So, these ayat are enough proof that Islam is the best way of life. And as such Allah given us a system of laws. We must follow them, not as Pakistanis but as Muslims and submit to them. That is what a muslim literally means. One who submits. Submits to who? To the Will of Allah. I agree that we may not have a solution to go to the system of khilafah at the moment but can’t we make one? Shouldn’t that be our struggle? Instead of just rejecting and settling for democracy, shouldn’t our efforts be more geared towards implementing the very core of a khilafah in our daily lives?(Five pillars of Islam). That is the very minimum.

  3. Adnan says:

    @Uthman,

    Offcourse Jinnah did not believe in democracy preached by modern world today or in Pakistan. Farid already mentioned Shura. If Islam had not true democracy concept then today Shias were not arguing about the appointment of Abu Bakr(RA) as a 1st caliph rather Ali(RA) would have been as 1st caliph of Islam.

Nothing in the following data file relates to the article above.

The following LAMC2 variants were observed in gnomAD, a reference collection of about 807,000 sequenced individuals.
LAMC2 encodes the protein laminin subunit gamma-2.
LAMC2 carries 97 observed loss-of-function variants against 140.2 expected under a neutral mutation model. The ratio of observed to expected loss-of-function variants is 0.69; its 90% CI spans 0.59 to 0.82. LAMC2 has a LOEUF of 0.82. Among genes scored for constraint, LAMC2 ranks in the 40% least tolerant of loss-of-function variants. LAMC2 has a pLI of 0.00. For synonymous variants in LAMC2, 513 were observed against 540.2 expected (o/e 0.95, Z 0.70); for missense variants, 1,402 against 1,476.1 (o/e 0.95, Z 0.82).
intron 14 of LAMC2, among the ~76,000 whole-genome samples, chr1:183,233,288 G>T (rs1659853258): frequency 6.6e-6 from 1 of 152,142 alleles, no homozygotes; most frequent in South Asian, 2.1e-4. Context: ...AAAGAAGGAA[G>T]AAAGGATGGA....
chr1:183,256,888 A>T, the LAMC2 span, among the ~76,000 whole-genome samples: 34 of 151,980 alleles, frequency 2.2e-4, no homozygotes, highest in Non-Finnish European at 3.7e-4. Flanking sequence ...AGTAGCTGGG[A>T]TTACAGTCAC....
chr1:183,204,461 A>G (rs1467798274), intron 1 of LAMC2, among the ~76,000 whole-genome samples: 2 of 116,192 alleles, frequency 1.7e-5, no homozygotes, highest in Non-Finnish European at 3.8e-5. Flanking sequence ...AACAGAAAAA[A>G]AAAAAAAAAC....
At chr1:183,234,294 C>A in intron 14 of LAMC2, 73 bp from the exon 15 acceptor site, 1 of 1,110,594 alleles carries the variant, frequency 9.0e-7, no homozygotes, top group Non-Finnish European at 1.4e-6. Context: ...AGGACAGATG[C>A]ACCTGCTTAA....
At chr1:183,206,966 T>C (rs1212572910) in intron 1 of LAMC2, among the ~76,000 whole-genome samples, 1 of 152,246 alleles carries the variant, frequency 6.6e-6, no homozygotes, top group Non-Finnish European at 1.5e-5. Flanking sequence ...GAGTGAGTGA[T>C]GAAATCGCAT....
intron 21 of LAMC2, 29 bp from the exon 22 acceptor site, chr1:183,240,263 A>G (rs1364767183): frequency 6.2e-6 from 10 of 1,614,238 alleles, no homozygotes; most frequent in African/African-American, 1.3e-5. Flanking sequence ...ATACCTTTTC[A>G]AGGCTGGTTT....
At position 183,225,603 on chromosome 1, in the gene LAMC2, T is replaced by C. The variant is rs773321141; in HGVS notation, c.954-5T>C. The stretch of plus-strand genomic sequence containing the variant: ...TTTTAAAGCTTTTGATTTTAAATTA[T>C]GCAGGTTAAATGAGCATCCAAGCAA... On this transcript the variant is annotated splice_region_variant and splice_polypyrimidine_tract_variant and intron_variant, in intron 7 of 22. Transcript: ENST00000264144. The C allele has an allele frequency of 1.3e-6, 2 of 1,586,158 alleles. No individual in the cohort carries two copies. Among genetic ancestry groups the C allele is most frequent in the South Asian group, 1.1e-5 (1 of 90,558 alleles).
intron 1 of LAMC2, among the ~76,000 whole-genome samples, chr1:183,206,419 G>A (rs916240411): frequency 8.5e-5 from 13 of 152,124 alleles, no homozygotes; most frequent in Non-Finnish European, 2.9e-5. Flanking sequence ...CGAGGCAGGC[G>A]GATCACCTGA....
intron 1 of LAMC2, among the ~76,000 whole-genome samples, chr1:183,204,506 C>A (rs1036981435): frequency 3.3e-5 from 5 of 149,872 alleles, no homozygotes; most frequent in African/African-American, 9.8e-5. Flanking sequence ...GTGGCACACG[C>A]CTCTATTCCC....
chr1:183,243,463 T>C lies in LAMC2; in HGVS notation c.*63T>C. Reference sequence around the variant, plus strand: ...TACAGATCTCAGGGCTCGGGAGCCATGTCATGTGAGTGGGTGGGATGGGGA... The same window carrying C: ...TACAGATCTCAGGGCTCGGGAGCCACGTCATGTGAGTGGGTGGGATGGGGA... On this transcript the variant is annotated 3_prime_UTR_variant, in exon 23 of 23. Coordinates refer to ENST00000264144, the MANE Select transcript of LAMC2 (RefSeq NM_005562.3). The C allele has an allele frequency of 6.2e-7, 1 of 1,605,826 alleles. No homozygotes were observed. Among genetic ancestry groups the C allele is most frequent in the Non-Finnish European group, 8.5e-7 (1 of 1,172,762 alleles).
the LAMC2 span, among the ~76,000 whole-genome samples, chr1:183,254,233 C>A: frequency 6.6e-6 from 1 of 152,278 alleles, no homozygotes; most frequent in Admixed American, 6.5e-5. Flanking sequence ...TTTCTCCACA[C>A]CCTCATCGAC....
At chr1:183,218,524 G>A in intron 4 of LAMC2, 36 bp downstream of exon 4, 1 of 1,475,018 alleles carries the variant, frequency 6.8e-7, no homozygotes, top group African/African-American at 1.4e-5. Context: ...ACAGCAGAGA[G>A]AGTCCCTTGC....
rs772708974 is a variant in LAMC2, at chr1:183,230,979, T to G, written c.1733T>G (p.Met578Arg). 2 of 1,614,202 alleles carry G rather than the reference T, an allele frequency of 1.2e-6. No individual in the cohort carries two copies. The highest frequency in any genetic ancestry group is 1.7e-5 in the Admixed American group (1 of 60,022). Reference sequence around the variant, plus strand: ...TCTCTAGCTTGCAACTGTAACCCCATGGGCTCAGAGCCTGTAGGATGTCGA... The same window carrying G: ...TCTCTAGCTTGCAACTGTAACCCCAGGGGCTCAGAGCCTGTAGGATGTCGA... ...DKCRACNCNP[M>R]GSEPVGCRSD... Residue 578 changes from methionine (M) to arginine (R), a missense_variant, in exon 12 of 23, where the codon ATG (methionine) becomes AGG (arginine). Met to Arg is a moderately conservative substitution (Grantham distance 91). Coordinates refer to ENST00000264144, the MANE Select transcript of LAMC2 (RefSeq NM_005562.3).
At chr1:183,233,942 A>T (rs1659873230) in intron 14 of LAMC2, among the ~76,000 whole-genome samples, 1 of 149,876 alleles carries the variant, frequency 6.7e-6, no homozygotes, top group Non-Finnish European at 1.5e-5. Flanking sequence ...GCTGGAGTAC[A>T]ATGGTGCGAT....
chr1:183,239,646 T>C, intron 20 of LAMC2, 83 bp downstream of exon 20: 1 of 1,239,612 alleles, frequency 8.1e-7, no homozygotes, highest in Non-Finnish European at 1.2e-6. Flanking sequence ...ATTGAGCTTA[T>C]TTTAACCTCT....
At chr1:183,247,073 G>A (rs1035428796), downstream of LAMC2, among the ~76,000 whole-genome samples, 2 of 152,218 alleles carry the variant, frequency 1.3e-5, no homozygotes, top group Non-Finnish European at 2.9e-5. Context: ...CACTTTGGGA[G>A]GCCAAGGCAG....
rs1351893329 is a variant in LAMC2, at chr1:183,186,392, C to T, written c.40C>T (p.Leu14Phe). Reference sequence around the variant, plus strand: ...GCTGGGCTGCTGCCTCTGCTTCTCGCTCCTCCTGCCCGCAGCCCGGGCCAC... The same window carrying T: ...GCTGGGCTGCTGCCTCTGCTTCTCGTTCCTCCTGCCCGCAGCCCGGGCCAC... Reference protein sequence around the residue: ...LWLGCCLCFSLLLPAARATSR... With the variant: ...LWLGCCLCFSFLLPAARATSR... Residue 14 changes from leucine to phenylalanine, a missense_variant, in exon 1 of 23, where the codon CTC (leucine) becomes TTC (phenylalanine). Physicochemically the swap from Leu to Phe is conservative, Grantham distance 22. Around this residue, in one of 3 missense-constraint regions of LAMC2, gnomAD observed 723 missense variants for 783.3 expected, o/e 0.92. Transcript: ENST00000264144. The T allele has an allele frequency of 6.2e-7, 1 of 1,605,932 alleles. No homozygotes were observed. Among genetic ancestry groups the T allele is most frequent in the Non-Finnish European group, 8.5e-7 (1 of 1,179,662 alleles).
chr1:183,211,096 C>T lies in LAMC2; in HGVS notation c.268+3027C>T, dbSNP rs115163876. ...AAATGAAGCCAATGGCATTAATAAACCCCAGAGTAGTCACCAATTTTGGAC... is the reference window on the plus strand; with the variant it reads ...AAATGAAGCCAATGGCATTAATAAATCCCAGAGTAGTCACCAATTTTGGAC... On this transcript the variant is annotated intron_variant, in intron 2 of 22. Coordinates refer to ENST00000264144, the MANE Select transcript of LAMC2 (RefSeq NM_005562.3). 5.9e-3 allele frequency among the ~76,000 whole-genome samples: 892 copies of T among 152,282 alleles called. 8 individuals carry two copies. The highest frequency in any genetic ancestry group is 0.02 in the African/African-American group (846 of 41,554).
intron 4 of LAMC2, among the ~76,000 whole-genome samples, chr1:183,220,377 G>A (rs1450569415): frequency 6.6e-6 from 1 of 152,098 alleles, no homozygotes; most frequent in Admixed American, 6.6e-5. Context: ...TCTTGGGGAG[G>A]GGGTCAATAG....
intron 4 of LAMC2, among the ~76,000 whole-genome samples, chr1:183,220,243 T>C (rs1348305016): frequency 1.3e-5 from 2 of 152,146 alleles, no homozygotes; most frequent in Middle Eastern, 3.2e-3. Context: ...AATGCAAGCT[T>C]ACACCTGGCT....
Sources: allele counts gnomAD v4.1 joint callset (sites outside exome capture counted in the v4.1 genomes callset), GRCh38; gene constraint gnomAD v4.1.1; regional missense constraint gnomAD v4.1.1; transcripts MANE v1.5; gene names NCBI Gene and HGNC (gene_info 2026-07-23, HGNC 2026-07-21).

4. Faried Nawaz says:

    Democracy, as the term’s currently used to describe nations, does not refer to the Athenian system. Whether it worked or failed for them is irrelevant.

    “So why would Islam which is the best deen for mankind push that?”

    Can you tell me the Islamic system for dealing with local government issues? For example, what alternative to democracy do I have for selecting (if not “electing”) the people who are responsible for the wellbeing of the township I live in?

    The other problem I have with most Khalifa proponents is that they have no viable plan to go from the current system to a complete Islamic system based on sharia law. Many of them can’t even agree on the fine points of sharia law.

  5. Uthman says:

    @Faried Nawaz, no use going around in circles. Democracy is a failed Greek system to which Greeks themselves admitted to. So why would Islam which is the best deen for mankind push that? You are misusing the term shura and incorrectly equating it with parliament.

    When socialism was the big thing, everyone hopped on that bandwagon and then Islam was the greatest socialist system. Now capitalism and democracy are the greatest thing and Islam is the best democratic system. These are all false things. So lets not force and try to make meanings that simply dont exist.